Boating with a Bengal Tiger

Directed by Ang Lee

Acclaimed director Ang Lee picked well with his latest venture of adapting Yann Martel’s Life of Pi, depicting cinematic deliciousness with beautiful landscapes, lively animal scenes and a central character who manages to bring a sea-faring adventure to life. Following the unnamed writer who meets a remarkable Indian man to hear about his life story, we meet ‘Pi’, full name Piscine Molitor Patel, named after a French swimming pool, brought up in the French-Indian colony of Pondicherry, who lives in a zoo. And it’s not long before he is sailing on a Japanese ship which is bound for Canada, to begin a new life with his parents and his brother Ravi. And thus begins what seems to be a richly-coloured tale, although it doesn’t just begin there. Painting a portrait of zoo life and schoolboy childhood in India, Pi (and the narrator) creating an engaging voice, pulling us along in his memories of being teased at school, living with zoo animals, and even meeting girls, giving an almost ‘boy’s own’ adventure tone which we can easily fall into.


And this is, after all, a tale to “make you believe in God”, so it’s fitting that we also learn about Pi’s religious beliefs, and how he is brought up as a Hindu but stumbles upon Christianity and it’s “mind-boggling” concepts of love and sacrifice. Soon, “Islam followed right behind”, with Pi embracing all three religions and accepting their philosophies equally. It is here we see a compassionate young boy, looking to understand the idea of love and God, and the overlying message that all are equal. (Not that it stops his brother teasing him by asking whether “Swami Jesus will be visiting Mecca this year”, or whether “will it be to Rome for your coronation as the next Pope Pi-us?”).

And there are the animals themselves, twittering, growling, moo-ing and neighing in and out of the film, as the director amalgamates Pi’s childhood in the zoo with his journey on the Pacific Ocean. From the very beginning of the film we are asked: “Do animals have a soul?”. Pi’s father insists that it is our own emotions and perceptions which are reflected back at us when looking into their eyes, but Pi’s spiritual nature is reluctant to accept this view. At the peak of the film, events takes a tragic turn when the ship begins to sink, and in true epic style, Pi is left along with some zoo animals, his own knowledge and a whole lot of water. Thus, the story of the survival of a young boy becomes more than just about getting his meal and being rescued; he has to contend with sharing a life-boat with a deadly tiger, keep his sanity, and learn about his place in the world and how far he will go to survive.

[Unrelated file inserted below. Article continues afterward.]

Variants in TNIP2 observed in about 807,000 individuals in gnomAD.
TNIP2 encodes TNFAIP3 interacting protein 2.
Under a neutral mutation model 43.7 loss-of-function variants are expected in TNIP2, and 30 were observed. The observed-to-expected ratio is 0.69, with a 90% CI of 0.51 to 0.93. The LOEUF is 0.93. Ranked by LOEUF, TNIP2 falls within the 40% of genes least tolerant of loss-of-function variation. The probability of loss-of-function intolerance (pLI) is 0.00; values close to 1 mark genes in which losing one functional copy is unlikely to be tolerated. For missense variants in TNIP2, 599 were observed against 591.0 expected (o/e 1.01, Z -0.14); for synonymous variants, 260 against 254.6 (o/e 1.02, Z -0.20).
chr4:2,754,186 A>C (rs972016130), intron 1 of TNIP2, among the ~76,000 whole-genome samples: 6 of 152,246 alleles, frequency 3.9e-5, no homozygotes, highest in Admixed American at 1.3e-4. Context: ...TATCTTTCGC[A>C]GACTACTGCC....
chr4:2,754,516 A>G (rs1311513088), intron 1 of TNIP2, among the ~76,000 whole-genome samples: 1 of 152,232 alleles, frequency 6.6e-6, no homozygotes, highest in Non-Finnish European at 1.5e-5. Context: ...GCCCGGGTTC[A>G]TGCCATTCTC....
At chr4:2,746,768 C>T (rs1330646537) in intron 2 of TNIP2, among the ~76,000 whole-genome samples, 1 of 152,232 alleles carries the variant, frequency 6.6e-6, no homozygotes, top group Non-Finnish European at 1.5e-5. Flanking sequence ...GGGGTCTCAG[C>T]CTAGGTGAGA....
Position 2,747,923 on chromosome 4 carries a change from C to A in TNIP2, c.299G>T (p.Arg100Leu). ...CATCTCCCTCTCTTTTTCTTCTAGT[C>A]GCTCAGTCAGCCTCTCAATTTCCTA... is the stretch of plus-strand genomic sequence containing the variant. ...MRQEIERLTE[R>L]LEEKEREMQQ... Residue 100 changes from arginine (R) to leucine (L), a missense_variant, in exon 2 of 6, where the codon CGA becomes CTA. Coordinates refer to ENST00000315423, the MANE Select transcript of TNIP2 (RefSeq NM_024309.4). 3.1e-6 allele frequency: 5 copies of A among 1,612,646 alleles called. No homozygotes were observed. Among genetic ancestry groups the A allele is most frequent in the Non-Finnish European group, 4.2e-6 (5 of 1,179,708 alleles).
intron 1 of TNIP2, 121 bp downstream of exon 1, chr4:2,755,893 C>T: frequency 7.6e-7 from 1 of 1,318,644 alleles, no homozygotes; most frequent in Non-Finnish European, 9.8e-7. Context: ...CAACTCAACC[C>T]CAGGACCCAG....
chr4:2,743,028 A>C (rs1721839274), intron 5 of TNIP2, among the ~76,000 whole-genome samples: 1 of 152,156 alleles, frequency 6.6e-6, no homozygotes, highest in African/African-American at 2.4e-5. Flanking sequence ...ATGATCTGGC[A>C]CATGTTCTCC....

Most striking of all about this film is the aesthetic experience; Lee transports us to an oceanic world which is much more beautiful than your average travel brochure, luring us with beautiful scenes to share this adventure with Pi. With exquisite detail in the landscape, animals and beautiful scenery, this is a movie which appreciates natural beauty as an art, transporting viewers into a simpler world of enhanced beauty, the idea of the spiritual and being human. Blending special effects so that they merge with the spectacular scenes (the night scene with glowing pools of water and fish is one of my favourite scenes, left) it’s easy to leave us breathless, mixing the almost unreal and unbelievable to make the beautifully depicted animals and epic scenes feel just a touch away.


All in all, this is a wonderful story, Yann Martel’s novel quietly questions the idea of home, and what makes us human, and Ang Lee interprets this on the screen just as well. While the novel is more successful at portraying the angst of religious conflicts and “being all religions is the same as being none at all”, as well as the concept of animals being compared to humans, the film chooses to do this in imagery. We are shown the beauty of nature in all its calm and cruelty, its mastery of mankind as well as the taming of it. Metaphors, too, come in several forms in this film, we see how ‘Richard Parker’ (the tiger) represents not only Nature, but also reflects back Pi’s wild side, just as the sea, the ship, the life-boat and the various encounters the protagonist has represents not only the circle that is Life, but also the idea of a ‘spiritual’ coming of age. Newbie Suraj Sharma plays his role amazingly, and doesn’t overact or under-emote, and his ability to express emotions realistically only adds to the calibre of the film.

I loved the book because of its haunting and quiet descriptions of a lone soul struggling to survive in an extreme situation, and just as it quietly comes to an astonishing end, this film also ties the threads to come together in a startling, yet quiet conclusion in this masterpiece. I will admit that the novel felt more articulate and the ending felt more coherent to me than the film, yet the actual cinematic experience of this film is beautiful and cannot be beaten, it is a journey which I ‘d recommend to all.

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